FRET is a physical process where energy is transferred from an excited donor fluorophore to adjacent chromophores via nonradiative dipole interactions. While resonance energy transfer was first observed in fluorescence polarization studies in the 1920s, interest in FRET was limited to understanding the concentration dependence of fluorescence depolarization. Now, after decades as a chemical curiosity, the number of citations using FRET has increased almost 300 fold over the past 20 years. This rapid growth in FRET publications results primarily from the application of FRET spectroscopy and microscopy as a tool to study biological processes such as protein interactions, conformational changes, the assembly and stoichiometry of biological complexes. It is also the basis for the development of new biosensors. Importantly, recent applications of FRET imaging have opened the door to applying the classical quantitative biochemical approach that has been so successful over the past 50 years for in vitro studies, to now explore biological reactions inside living cells.
While FRET was originally coined as an acronym for fluorescence resonance energy transfer, more recently this four-letter acronym has been redefined as Förster resonance energy transfer to honor Theodor Förster who developed the theory that quantitatively explained this energy-transfer phenomenon, and who made the connection that energy transfer was fundamental to photosynthesis, the basis of life itself. Förster was a German physical chemist, born on May 15, 1910, who died on May 20, 1974. He earned his PhD from the University of Frankfurt and Main, and was a professor at the State University of Poznan. He wrote the first publication on FRET, “Energy migration and fluorescence,” in 1946.1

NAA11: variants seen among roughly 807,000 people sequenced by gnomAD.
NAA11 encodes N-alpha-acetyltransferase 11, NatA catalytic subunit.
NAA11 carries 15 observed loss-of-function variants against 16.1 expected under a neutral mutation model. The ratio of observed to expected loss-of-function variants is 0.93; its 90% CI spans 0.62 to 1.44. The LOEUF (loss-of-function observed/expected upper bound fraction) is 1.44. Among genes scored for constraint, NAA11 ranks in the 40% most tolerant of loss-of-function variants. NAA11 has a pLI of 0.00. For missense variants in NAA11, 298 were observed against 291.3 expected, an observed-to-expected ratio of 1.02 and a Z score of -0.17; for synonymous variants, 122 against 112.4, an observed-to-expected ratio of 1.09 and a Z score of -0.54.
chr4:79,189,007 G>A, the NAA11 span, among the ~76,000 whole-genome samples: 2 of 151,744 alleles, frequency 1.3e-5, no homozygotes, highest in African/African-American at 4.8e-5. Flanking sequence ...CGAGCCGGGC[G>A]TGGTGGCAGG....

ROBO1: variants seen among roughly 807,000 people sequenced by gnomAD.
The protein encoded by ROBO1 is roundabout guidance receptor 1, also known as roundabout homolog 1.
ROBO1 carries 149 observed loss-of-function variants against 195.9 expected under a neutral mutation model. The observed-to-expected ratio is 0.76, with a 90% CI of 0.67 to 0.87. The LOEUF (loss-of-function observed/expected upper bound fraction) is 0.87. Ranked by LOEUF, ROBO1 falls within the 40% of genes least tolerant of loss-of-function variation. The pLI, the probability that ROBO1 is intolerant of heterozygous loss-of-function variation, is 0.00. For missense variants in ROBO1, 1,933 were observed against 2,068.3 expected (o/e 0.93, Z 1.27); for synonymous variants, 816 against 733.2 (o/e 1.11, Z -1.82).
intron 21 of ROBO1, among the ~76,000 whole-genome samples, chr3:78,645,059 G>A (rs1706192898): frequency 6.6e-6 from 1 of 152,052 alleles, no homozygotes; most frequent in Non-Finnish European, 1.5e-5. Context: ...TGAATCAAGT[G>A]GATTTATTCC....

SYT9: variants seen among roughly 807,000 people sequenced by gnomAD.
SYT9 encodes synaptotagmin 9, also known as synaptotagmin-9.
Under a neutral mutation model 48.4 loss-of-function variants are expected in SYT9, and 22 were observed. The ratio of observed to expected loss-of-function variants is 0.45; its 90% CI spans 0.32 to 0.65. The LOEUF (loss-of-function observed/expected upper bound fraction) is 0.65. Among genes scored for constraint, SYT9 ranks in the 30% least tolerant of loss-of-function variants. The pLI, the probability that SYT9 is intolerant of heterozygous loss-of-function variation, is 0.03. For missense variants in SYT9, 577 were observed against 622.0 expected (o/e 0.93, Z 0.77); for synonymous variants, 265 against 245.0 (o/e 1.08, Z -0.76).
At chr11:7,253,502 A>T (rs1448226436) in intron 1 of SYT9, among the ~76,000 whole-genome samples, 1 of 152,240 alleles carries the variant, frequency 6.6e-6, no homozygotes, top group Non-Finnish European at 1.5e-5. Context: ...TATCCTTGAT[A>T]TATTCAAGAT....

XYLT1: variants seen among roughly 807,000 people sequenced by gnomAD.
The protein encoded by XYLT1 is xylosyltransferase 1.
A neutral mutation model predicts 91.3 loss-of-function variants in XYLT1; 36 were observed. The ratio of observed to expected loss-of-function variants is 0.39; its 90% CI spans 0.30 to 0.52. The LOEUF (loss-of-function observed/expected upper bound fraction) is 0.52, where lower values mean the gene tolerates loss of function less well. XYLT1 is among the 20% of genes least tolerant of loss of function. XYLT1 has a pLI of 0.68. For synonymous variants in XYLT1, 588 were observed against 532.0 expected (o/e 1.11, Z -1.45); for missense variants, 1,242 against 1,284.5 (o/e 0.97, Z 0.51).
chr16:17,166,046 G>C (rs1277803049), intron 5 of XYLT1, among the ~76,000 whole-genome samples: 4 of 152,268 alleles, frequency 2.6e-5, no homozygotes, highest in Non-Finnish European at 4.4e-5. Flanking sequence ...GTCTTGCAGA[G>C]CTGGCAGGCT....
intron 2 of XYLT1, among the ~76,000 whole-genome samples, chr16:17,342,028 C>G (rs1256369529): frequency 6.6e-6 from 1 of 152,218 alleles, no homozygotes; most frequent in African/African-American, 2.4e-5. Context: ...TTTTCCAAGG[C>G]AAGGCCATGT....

It is the purpose of this special section to honor Förster’s achievements 65 years after his first publication on resonance energy transfer, to highlight the evolution of FRET microscopy through the presentation of state-of-the-art FRET studies, and to celebrate related imaging technologies and reagents, such as new fluorescent proteins, single-molecule fluorescence, and fluorescence correlation spectroscopy, that along with FRET microscopy continue to push the envelope of our biophysical curiosity.
Several very interesting manuscripts appear in this special section of JBO. Förster’s first paper on FRET has been translated from German into English by Dr. Klaus Suhling. Access to this landmark paper 65 years after its original publication in German is now available to the English-speaking FRET community. R. Knox, who knew and worked with Förster, has written a historical perspective about FRET. S. Ernst et al. describe the use of a three-color FRET approach to investigate the rotary mechanism of the FOF1-ATP syntheses at the single-molecule level. E. Deplazes et al. describe how to estimate the relative contributions in inter- and intramolecular FRET, as well as how to model FRET with various ratios of donors and acceptors. B. Maliwal et al. describe the theory and implementation of a method to measure the distance between donor and acceptor molecules separated by distances greater than the established 10-nm maximum for FRET. L. Kraft et al. use both FRET and FRAP to demonstrate that Atg4bc74A and LC3 exist within the same multiprotein complex in both the cytoplasm and nucleoplasm of living cells.
Finally, we would like to acknowledge all of the authors who contributed to this special section on FRET at 65: A Celebration of Förster, as well as the reviewers whose hard work was instrumental to the timely publication of this special issue.